It’s coming. We all know the end of the bull market will arrive one day. The obvious problem is that we don’t know when that day will come. The less obvious, but equally significant problem is that becoming bearish too soon can be costly.
Stocks became overvalued by some measures by 1996. In December of that year, then-Chairman of the Federal Reserve Alan Greenspan famously asked, “But how do we know when irrational exuberance has unduly escalated asset values, which then become subject to unexpected and prolonged contractions as they have in Japan over the past decade?” His concern that stock market prices reflected irrational exuberance was sound, based on the data at that time.
What Greenspan didn’t know was that prices would rise sharply for more than three years. The large cap S&P 500 index would gain more than 70% before peaking. The NASDAQ 100, the index at the center of the bubble, would gain 480% over that time. Missing these gains would have meant missing a once in a generation opportunity to accumulate wealth.
Bears will take solace in the fact that prices did dip below the level they were at when Greenspan warned of irrational exuberance. Briefly, during the bear markets that began in 2000 and 2008, prices would return to those levels before rebounding and reaching new highs. Buy and hold investors would have fared well, over time assuming they did not need access to their money during the bear markets that lasted for several years. Market timers able to sidestep the worst of the declines in the bear markets would have done even better.
While no timing tool is perfect, there are some techniques traders and even investors with longer time horizons could have used to avoid losses and to get back when the new bull market began.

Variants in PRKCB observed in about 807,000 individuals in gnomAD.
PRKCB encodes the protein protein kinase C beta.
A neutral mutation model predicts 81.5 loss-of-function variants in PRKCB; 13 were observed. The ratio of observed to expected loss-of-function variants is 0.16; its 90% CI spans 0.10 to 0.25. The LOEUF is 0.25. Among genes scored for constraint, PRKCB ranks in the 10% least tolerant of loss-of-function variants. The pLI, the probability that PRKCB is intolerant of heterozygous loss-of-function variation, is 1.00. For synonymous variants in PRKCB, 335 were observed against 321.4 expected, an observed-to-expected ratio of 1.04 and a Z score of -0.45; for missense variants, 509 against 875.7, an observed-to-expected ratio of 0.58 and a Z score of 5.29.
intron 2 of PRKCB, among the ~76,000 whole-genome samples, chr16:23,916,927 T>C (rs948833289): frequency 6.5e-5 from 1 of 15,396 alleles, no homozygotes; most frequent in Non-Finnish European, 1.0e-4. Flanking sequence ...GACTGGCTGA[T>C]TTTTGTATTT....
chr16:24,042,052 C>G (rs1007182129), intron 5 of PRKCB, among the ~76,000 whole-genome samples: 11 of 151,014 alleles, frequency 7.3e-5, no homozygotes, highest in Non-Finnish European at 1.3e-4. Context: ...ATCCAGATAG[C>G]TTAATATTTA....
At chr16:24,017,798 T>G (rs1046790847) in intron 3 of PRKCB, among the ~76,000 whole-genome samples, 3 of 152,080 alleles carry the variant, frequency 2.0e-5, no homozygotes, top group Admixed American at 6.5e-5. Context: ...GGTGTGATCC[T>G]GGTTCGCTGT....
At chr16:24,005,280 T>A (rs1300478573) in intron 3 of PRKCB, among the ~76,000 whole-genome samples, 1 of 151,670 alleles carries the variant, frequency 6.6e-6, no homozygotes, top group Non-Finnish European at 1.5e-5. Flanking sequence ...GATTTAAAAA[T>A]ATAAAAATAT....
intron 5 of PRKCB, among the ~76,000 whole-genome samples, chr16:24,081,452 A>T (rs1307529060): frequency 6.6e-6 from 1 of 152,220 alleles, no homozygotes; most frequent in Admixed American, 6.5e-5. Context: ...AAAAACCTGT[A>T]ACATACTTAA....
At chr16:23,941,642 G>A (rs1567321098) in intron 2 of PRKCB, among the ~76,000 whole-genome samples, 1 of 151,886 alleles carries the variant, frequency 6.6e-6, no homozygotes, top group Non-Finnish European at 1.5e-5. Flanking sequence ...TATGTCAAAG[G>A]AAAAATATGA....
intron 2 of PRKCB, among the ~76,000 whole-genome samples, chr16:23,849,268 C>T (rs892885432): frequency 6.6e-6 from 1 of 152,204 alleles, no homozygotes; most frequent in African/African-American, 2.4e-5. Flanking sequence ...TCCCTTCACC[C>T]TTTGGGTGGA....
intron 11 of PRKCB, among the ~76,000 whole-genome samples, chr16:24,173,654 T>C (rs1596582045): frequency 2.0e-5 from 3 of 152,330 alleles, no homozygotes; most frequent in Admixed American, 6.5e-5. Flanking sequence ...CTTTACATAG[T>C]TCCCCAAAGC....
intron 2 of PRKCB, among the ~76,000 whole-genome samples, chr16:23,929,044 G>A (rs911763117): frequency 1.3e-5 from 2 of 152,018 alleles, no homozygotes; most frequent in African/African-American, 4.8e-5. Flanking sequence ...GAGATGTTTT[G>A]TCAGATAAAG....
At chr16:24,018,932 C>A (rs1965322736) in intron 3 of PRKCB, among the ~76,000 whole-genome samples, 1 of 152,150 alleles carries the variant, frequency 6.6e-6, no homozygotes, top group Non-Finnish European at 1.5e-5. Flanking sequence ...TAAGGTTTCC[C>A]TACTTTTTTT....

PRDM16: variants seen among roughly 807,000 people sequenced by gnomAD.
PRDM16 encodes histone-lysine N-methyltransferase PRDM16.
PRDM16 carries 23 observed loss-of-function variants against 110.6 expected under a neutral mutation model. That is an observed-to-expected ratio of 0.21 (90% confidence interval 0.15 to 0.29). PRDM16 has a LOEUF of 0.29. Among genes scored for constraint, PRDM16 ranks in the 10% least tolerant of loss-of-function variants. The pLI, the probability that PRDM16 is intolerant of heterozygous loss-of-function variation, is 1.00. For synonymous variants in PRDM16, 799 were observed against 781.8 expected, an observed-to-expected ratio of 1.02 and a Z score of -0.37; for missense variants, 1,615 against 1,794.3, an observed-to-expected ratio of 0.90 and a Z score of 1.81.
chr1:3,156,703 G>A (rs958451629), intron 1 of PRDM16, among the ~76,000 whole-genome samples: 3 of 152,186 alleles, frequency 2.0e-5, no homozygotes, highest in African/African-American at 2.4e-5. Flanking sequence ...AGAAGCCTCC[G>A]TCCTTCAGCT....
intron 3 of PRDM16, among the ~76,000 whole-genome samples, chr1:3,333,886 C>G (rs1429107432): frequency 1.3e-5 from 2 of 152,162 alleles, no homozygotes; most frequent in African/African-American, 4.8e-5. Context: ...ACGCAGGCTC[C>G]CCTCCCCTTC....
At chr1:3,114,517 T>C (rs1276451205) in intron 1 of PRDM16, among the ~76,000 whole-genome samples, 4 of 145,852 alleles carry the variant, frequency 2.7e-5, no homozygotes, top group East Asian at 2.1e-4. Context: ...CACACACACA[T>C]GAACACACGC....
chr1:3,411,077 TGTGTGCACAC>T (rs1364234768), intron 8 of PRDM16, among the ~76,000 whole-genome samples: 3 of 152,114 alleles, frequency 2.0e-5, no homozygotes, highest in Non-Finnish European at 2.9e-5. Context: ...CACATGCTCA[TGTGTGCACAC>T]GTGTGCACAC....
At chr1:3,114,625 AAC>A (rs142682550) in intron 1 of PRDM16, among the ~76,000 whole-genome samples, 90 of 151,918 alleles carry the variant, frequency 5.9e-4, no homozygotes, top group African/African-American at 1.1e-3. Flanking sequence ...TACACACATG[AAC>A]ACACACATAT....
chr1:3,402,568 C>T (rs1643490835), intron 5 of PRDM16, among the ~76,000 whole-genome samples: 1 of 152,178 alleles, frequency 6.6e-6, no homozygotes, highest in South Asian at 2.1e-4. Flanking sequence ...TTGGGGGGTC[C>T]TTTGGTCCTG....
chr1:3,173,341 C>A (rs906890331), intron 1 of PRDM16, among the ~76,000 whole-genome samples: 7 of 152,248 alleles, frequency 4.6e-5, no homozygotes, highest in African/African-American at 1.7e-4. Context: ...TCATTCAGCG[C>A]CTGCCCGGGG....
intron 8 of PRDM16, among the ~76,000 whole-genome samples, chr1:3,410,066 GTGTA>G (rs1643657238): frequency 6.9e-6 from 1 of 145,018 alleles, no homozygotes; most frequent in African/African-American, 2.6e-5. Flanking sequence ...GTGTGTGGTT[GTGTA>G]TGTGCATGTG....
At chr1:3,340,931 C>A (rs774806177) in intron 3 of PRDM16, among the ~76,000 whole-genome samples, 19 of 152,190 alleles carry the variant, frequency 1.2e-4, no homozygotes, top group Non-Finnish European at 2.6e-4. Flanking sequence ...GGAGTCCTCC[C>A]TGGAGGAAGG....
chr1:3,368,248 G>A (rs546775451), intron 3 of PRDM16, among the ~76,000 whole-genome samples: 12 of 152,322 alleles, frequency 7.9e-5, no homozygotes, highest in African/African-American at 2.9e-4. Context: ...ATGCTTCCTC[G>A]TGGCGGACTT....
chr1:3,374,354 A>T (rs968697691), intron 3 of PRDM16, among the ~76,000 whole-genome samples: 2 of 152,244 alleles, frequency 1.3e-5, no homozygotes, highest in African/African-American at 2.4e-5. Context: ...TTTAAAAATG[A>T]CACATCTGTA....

A popular timing tool is the 10-month moving average (MA). The 10-month MA is similar to the 200-day MA but uses monthly data. The value of using less frequent data is that there will be less false signals. The 200-day MA will suffer from a number of small trades that last just a few days. The 10-month MA is calculated just once a month and will therefore give fewer signals.
The chart below shows how the 10-month MA would have provided sell signals near the top in 2000 and again in 2008. The chart consists of three panels. The 2000 market top is shown in the panel on the left side of the figure. The center panel shows the 2008 market top. The panel on the right shows the current market.
This indicator is not perfect as we noted earlier. In 1999, it would have provided a false signal as highlighted in the chart. The sell signal was quickly reversed one month later. That would have allowed investors to enjoy additional gains in the bull market before the ultimate top and subsequent sell signal again warned of a decline.
The 10-month MA provides surprisingly timely sell signals. In 2000, the sell signal occurred just 8.1% below the stock market’s top. In 2008, the signal was given when prices were only 6.5% below the bull market high.
There was also a sell signal in 2016, visible in the panel on the right. This period, from August 2015 until February 2016, included two sharp sell offs. Because the index did not fall by 20% it is not an official bear market. However, investors who turned bearish during this time would have been rewarded for their position since the selling was fast and price declines were steep.